SAKURAI Hiroko Self-introduction at the Workshop in Australia
March 5, 2009
My name is Hiroko Sakurai. I am a postgraduate student at the Graduate School of Core Ethics and Frontier Sciences, Ritsumeikan University and the Representative of the Trisomy 18 Support Group, Japan.
I will talk a little bit about terminal care for newborns with congenital diseases in Japan.
Concerning infants with Trisomy 18 in Japan, medical professionals in Japan are good about informing parents about issues like coexisting illnesses and prognosis severity. But there is not enough public information or discussion in Japan about possible treatments and healthcare for infants with Trisomy 18, about the quality of life of both the infants and their parents or about the type of care that parents hope for their infants. In addition, medical professionalsf expectations for infants with trisomy 18 are often quite low. So, current treatment for most infants with Trisomy 18 provides only temperature control, internal nutrition, skin care and love. Therefore, when medical staff members inform parents of the condition of their childfs illness, they often preface treatment choices with gwe do not provide active treatmenth or comment on the babyfs gshort life.h Actually, in Japan, there is no uniform treatment protocol, so some hospitals provide no active treatment but only concentrate on palliative care, while other hospitals provide active treatment in consideration of parentsf hopes and requests. In Japan, childrenfs hospitals have a terminal care rooms for infants and their families. Parents can stay with their infant with until death. But grief care is not give by the hospital staffs, so support groups must assume the role of providing this care.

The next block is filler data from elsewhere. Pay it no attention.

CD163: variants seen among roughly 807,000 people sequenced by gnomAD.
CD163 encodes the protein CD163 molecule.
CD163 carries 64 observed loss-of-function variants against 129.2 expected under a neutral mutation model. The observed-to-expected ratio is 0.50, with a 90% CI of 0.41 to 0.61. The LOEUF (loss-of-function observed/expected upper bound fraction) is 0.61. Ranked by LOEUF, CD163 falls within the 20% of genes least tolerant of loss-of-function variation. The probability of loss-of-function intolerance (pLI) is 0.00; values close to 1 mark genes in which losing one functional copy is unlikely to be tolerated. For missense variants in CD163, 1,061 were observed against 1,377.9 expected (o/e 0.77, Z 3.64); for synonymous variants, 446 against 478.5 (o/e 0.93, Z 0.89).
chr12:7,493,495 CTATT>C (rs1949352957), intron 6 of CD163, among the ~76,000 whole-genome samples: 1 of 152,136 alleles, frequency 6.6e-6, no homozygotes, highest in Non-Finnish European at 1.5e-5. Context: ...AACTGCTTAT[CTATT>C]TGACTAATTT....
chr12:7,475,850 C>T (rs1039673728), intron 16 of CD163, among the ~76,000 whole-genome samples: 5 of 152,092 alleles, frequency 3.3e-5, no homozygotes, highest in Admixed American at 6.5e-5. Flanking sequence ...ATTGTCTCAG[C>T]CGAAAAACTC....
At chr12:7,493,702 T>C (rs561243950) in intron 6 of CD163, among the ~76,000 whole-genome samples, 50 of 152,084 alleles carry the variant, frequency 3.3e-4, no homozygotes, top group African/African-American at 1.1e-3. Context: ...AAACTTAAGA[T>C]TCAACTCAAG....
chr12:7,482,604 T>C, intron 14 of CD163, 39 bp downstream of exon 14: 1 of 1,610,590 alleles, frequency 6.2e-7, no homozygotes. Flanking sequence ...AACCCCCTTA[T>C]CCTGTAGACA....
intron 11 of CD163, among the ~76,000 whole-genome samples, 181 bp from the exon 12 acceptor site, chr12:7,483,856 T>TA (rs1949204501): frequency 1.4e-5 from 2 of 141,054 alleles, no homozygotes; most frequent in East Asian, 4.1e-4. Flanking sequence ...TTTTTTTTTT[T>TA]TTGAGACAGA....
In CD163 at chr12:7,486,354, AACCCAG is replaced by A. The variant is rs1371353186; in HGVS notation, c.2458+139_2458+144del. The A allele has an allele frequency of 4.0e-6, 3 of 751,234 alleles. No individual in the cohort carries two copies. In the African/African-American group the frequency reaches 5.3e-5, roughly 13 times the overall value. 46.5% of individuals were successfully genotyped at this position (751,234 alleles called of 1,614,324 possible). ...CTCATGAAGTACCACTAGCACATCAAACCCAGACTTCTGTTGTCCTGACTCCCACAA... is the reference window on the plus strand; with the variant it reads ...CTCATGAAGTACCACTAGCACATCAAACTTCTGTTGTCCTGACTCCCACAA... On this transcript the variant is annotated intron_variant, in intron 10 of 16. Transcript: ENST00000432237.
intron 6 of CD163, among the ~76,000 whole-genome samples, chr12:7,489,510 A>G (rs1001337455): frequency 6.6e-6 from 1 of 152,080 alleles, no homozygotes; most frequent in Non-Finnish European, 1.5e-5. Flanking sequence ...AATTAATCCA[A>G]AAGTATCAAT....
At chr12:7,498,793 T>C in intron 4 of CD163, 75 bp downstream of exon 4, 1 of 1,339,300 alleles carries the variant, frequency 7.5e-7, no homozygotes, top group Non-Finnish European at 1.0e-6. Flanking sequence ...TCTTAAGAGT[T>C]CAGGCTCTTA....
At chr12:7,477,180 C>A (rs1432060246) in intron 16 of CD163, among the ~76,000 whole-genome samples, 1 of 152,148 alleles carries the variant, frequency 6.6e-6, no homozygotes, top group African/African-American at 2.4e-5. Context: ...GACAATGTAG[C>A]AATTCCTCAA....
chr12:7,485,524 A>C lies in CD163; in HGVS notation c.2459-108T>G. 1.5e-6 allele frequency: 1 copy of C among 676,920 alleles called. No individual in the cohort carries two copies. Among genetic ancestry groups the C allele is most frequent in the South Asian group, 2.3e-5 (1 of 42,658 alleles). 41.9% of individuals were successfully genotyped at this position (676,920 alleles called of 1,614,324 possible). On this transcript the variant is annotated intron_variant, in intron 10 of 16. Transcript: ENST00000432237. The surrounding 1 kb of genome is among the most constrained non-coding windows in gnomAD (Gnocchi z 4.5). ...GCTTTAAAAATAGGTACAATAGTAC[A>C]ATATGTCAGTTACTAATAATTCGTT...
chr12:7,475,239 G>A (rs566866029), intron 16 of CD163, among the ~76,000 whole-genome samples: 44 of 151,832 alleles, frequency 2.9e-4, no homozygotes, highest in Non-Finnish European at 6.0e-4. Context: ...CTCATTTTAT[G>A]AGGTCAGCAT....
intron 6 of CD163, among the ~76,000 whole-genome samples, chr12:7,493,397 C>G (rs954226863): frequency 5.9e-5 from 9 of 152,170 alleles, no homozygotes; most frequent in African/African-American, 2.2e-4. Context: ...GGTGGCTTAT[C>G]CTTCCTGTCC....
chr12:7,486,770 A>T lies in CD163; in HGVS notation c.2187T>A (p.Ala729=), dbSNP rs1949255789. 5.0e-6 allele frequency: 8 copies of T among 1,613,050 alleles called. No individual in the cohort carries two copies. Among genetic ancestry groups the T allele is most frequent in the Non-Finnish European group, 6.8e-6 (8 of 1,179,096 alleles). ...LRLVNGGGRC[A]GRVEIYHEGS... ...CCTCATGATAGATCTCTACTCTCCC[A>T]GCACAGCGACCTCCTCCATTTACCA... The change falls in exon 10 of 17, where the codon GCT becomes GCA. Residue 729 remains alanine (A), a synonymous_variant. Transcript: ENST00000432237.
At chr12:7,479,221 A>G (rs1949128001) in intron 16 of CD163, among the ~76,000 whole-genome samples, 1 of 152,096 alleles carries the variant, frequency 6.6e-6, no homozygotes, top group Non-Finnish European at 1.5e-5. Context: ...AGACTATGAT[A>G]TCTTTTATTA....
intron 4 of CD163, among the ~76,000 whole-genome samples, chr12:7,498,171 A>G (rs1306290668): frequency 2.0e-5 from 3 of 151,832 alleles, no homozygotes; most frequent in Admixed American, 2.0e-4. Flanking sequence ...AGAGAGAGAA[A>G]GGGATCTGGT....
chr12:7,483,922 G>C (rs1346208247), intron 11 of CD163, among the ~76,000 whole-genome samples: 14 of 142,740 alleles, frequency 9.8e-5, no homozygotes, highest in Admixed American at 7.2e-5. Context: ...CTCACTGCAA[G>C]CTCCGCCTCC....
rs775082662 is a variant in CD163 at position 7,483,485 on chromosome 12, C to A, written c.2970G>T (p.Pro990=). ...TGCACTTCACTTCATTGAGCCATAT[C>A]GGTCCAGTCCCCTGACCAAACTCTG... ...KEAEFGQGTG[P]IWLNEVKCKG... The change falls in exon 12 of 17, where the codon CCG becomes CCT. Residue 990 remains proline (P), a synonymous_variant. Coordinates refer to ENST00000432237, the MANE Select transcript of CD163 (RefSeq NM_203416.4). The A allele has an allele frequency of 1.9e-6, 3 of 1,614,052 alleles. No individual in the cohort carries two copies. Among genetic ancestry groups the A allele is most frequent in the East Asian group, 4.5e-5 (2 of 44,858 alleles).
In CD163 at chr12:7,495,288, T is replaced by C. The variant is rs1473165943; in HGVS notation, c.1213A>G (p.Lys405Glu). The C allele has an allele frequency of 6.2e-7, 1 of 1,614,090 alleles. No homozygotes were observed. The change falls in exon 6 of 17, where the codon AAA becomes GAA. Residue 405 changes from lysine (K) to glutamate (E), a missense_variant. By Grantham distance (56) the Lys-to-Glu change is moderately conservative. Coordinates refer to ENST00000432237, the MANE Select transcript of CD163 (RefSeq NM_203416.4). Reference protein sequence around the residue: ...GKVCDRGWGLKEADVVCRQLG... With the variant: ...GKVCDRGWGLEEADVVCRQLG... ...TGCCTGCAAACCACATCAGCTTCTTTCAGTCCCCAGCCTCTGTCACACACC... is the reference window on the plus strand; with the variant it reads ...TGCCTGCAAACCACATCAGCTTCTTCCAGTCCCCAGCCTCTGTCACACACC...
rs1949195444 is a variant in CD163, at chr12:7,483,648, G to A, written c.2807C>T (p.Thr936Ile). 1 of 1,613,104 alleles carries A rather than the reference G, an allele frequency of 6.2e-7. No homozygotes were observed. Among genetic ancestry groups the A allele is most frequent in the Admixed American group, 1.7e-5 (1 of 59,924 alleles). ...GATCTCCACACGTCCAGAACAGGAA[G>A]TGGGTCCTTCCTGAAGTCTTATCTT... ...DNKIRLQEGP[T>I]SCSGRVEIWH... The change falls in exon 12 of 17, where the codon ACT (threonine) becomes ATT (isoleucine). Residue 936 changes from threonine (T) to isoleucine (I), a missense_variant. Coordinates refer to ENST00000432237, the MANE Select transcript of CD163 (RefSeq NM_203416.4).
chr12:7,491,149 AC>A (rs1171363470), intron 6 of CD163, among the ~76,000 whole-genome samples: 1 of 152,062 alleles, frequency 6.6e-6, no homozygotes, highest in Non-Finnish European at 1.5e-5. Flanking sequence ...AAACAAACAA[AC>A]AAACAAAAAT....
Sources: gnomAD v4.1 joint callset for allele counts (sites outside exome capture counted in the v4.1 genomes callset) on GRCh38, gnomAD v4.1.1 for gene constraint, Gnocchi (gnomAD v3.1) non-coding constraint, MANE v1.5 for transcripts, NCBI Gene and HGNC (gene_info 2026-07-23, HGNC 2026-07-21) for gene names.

I hope you have found this informative. The distributed documents give details about the current situation of infants with trisomy 18 and about the efforts of parents and their children to build strong relationships in neonatal intensive care units.